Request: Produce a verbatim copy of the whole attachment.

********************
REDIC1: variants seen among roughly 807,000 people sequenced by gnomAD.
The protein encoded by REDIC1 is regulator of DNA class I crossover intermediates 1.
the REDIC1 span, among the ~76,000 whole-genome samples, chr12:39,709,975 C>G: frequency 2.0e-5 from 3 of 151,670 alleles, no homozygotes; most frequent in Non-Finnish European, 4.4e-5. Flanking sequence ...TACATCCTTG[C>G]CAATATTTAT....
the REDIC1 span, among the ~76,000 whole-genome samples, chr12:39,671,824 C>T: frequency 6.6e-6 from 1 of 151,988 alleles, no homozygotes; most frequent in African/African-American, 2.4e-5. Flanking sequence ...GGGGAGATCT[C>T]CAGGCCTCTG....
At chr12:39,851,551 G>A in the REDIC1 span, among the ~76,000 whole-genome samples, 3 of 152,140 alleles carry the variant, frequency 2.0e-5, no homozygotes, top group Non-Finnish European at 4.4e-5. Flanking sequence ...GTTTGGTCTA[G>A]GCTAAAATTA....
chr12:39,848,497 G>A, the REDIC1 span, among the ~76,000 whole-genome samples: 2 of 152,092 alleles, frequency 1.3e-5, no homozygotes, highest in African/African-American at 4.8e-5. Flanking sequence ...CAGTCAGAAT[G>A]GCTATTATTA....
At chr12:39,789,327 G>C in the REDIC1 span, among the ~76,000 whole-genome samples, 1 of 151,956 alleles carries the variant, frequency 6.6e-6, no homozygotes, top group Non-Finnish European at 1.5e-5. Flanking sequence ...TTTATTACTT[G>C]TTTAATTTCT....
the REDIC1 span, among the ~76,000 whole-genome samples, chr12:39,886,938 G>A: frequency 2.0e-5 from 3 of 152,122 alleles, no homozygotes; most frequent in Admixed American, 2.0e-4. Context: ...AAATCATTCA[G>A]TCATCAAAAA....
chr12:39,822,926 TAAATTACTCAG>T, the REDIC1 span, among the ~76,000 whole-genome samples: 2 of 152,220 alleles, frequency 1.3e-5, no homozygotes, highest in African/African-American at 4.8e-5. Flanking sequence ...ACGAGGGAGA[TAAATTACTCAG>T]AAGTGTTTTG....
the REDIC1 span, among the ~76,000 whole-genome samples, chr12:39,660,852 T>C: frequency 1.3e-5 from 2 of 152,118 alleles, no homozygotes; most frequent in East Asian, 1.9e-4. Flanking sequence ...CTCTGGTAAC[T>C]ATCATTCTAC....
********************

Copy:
REDIC1: variants seen among roughly 807,000 people sequenced by gnomAD.
The protein encoded by REDIC1 is regulator of DNA class I crossover intermediates 1.
the REDIC1 span, among the ~76,000 whole-genome samples, chr12:39,709,975 C>G: frequency 2.0e-5 from 3 of 151,670 alleles, no homozygotes; most frequent in Non-Finnish European, 4.4e-5. Flanking sequence ...TACATCCTTG[C>G]CAATATTTAT....
the REDIC1 span, among the ~76,000 whole-genome samples, chr12:39,671,824 C>T: frequency 6.6e-6 from 1 of 151,988 alleles, no homozygotes; most frequent in African/African-American, 2.4e-5. Flanking sequence ...GGGGAGATCT[C>T]CAGGCCTCTG....
At chr12:39,851,551 G>A in the REDIC1 span, among the ~76,000 whole-genome samples, 3 of 152,140 alleles carry the variant, frequency 2.0e-5, no homozygotes, top group Non-Finnish European at 4.4e-5. Flanking sequence ...GTTTGGTCTA[G>A]GCTAAAATTA....
chr12:39,848,497 G>A, the REDIC1 span, among the ~76,000 whole-genome samples: 2 of 152,092 alleles, frequency 1.3e-5, no homozygotes, highest in African/African-American at 4.8e-5. Flanking sequence ...CAGTCAGAAT[G>A]GCTATTATTA....
At chr12:39,789,327 G>C in the REDIC1 span, among the ~76,000 whole-genome samples, 1 of 151,956 alleles carries the variant, frequency 6.6e-6, no homozygotes, top group Non-Finnish European at 1.5e-5. Flanking sequence ...TTTATTACTT[G>C]TTTAATTTCT....
the REDIC1 span, among the ~76,000 whole-genome samples, chr12:39,886,938 G>A: frequency 2.0e-5 from 3 of 152,122 alleles, no homozygotes; most frequent in Admixed American, 2.0e-4. Context: ...AAATCATTCA[G>A]TCATCAAAAA....
chr12:39,822,926 TAAATTACTCAG>T, the REDIC1 span, among the ~76,000 whole-genome samples: 2 of 152,220 alleles, frequency 1.3e-5, no homozygotes, highest in African/African-American at 4.8e-5. Flanking sequence ...ACGAGGGAGA[TAAATTACTCAG>T]AAGTGTTTTG....
the REDIC1 span, among the ~76,000 whole-genome samples, chr12:39,660,852 T>C: frequency 1.3e-5 from 2 of 152,118 alleles, no homozygotes; most frequent in East Asian, 1.9e-4. Flanking sequence ...CTCTGGTAAC[T>C]ATCATTCTAC....